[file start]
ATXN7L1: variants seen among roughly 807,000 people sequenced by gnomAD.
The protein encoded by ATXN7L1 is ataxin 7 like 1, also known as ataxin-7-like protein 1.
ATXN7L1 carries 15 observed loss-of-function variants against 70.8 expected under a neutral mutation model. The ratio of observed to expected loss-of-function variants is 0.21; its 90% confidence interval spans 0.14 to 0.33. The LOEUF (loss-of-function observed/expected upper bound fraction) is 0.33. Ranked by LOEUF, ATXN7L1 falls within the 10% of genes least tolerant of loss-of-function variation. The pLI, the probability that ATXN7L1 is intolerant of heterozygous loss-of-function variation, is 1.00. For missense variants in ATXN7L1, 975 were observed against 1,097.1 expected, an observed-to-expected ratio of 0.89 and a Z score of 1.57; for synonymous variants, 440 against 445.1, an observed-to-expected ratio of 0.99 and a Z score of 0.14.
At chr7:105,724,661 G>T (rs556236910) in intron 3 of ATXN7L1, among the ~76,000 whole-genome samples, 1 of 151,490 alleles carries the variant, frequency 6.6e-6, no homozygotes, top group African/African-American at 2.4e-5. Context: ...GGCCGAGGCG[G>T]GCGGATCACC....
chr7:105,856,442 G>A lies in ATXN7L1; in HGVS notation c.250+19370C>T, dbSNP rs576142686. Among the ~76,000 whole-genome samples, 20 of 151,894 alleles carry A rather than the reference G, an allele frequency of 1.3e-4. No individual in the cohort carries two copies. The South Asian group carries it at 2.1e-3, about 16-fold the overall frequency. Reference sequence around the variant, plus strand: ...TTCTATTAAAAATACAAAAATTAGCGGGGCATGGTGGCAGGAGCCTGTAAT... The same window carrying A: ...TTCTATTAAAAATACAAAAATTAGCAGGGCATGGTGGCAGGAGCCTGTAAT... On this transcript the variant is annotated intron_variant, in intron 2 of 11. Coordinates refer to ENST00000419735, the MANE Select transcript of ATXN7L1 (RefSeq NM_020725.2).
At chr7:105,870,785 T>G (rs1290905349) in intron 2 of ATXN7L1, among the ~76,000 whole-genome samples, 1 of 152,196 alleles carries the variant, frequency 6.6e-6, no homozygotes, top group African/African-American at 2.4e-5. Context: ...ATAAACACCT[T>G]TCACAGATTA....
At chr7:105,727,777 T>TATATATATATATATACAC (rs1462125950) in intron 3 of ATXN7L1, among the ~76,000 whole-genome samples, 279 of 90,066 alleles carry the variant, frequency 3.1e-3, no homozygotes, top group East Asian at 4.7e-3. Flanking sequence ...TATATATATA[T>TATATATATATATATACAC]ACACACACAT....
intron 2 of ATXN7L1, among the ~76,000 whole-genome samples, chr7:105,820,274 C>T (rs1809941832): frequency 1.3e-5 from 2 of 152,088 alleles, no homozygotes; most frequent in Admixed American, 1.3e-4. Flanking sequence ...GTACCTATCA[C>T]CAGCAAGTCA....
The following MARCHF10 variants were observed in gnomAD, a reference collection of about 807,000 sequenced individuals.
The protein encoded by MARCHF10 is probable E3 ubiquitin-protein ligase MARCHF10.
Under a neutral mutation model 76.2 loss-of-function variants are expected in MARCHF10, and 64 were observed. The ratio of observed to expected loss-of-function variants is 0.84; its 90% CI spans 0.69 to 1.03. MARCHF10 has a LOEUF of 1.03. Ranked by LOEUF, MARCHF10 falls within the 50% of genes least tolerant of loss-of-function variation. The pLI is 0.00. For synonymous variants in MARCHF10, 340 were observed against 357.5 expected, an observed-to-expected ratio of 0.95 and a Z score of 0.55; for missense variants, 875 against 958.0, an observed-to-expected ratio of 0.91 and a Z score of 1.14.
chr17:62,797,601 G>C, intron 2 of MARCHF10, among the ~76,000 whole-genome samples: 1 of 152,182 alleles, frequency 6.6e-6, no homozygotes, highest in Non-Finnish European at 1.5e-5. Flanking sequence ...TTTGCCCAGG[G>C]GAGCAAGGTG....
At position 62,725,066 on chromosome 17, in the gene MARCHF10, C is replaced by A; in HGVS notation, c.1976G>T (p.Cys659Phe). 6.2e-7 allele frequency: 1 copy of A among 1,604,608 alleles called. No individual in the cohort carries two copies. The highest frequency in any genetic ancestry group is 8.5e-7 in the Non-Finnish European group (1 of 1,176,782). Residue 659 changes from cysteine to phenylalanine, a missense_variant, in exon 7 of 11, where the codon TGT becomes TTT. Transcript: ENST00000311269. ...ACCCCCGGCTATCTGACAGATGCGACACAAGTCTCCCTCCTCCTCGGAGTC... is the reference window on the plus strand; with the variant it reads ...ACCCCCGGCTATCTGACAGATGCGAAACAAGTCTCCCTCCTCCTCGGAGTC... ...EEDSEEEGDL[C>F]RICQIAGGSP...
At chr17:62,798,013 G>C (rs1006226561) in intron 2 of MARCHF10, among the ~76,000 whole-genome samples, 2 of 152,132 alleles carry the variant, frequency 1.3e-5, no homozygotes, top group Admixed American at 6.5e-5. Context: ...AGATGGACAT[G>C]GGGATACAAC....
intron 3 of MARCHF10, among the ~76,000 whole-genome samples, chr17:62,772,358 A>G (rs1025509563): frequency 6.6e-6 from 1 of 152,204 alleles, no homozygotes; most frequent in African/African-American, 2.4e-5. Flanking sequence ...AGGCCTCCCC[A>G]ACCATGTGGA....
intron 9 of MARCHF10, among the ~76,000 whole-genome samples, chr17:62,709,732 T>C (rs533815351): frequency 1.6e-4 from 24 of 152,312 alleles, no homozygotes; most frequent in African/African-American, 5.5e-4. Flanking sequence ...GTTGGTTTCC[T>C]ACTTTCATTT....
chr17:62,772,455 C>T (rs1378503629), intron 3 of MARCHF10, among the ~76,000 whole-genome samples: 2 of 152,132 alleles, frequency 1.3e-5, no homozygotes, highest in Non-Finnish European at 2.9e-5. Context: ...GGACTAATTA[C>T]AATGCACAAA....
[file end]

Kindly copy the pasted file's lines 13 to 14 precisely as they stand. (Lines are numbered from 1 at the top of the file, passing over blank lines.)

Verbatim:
At position 62,725,066 on chromosome 17, in the gene MARCHF10, C is replaced by A; in HGVS notation, c.1976G>T (p.Cys659Phe). 6.2e-7 allele frequency: 1 copy of A among 1,604,608 alleles called. No individual in the cohort carries two copies. The highest frequency in any genetic ancestry group is 8.5e-7 in the Non-Finnish European group (1 of 1,176,782). Residue 659 changes from cysteine to phenylalanine, a missense_variant, in exon 7 of 11, where the codon TGT becomes TTT. Transcript: ENST00000311269. ...ACCCCCGGCTATCTGACAGATGCGACACAAGTCTCCCTCCTCCTCGGAGTC... is the reference window on the plus strand; with the variant it reads ...ACCCCCGGCTATCTGACAGATGCGAAACAAGTCTCCCTCCTCCTCGGAGTC... ...EEDSEEEGDL[C>F]RICQIAGGSP...
At chr17:62,798,013 G>C (rs1006226561) in intron 2 of MARCHF10, among the ~76,000 whole-genome samples, 2 of 152,132 alleles carry the variant, frequency 1.3e-5, no homozygotes, top group Admixed American at 6.5e-5. Context: ...AGATGGACAT[G>C]GGGATACAAC....